• Unique requests are being made

    • The meeting centers on imminent transition services

    • Conflict and/or hostility is a potential

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    Parents’ Perspective

    • Agenda

    • Take notes

    • Determine if any additional Issues/surprises will be addressed?

    • Who is in attendance or will be in attendance?

    • Don’t be intimidated to ask for clarity

    • When can the actual IEP document be expected?

    • Does the actual IEP document match with what was communicated?

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    On-Line Resources

    • The National Dissemination Center for Children with Disabilities (NICHCY) is a product of the Academy of Educational Development. The web site includes several IEP related fact sheets, guides, and resources for parents, students, and professionals.

    • U. S. Department of Education developed A Guide to the Individualized Educational Program in 2000. The basic information in this document is pertinent to family members and professionals.

    • Educational Resources Information Center and the Council for Exceptional Children offer several fact sheets, digests, and resources on IEPs.

    • Attorneys and special education advocates Pete and Pam Wrightslaw sponsor a site with numerous flyers, articles, documents and links concerning IEPs and IDEIA 2004.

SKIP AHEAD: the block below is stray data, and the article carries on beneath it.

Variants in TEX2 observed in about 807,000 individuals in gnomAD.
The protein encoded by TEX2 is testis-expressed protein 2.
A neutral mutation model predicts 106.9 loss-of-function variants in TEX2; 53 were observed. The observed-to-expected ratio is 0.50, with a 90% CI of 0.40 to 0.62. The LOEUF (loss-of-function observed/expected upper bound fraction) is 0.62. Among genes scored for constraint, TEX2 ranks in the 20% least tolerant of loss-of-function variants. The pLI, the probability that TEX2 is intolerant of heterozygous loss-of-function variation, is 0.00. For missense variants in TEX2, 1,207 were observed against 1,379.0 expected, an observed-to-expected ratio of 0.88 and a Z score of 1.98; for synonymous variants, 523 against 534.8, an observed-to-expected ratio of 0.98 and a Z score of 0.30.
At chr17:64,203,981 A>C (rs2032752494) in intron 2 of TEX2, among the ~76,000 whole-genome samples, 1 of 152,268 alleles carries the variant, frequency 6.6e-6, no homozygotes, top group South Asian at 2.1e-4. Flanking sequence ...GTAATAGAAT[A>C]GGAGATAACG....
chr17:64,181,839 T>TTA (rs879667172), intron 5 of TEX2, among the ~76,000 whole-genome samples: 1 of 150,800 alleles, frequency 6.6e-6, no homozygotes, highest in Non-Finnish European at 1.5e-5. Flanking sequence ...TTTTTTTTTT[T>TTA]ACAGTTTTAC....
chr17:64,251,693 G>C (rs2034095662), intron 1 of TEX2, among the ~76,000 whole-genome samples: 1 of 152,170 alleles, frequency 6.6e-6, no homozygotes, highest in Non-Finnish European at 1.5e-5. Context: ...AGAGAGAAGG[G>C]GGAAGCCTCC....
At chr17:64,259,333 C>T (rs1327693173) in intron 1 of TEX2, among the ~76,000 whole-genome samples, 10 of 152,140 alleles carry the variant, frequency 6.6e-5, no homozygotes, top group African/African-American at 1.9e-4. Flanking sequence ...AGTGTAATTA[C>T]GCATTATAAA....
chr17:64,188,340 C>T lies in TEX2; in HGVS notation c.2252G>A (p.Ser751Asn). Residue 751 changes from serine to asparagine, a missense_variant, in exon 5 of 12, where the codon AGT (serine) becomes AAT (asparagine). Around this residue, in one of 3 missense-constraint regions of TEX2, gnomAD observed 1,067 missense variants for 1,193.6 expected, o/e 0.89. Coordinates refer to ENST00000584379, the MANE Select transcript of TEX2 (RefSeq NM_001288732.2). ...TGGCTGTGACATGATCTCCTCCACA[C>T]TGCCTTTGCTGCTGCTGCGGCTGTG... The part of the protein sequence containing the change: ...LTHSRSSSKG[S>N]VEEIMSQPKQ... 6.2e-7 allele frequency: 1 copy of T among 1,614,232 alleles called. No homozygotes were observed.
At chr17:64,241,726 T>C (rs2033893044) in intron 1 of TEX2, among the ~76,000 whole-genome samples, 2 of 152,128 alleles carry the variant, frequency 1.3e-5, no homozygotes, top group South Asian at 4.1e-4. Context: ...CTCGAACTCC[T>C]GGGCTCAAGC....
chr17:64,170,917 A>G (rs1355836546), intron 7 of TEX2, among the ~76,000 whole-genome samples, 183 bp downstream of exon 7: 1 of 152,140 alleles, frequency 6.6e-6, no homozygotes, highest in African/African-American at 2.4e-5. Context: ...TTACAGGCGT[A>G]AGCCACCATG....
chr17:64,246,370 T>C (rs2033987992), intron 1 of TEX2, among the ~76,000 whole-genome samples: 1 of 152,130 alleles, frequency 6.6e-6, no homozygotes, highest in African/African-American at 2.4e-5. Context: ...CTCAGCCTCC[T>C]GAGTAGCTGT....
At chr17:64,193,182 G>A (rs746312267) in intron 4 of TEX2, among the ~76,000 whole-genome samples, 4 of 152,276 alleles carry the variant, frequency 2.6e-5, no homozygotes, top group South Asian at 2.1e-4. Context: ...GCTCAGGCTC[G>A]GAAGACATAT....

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    Hardcopy Resources

    • Klor, G. (2003). What every parent needs to know about special education. Arlington,VA: LRP Publications.

    • Siegel, L. M. (2007). The complete IEP guide: How to advocate for your special education child. Berkley, CA: NOLO.

    • Bateman, B. D. & Linden, M. A. (2006). Better IEPs: How to develop legally correct and educationally useful programs. Verona, WI. Attainment Company.

    • Twachtman-Cullen, D., Twachtman-Reilly, J., & Holmes, D. L. (2002) How well does your IEP measure up? Quality indicators for effective service delivery. Higgamem, CT: Starfish Specialty Press.

    • Council for Exceptional Children (1999). IEP team guide. Arlington, VA: Author.

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    Telephone Conference IEP meetings are the exception

    not the rule.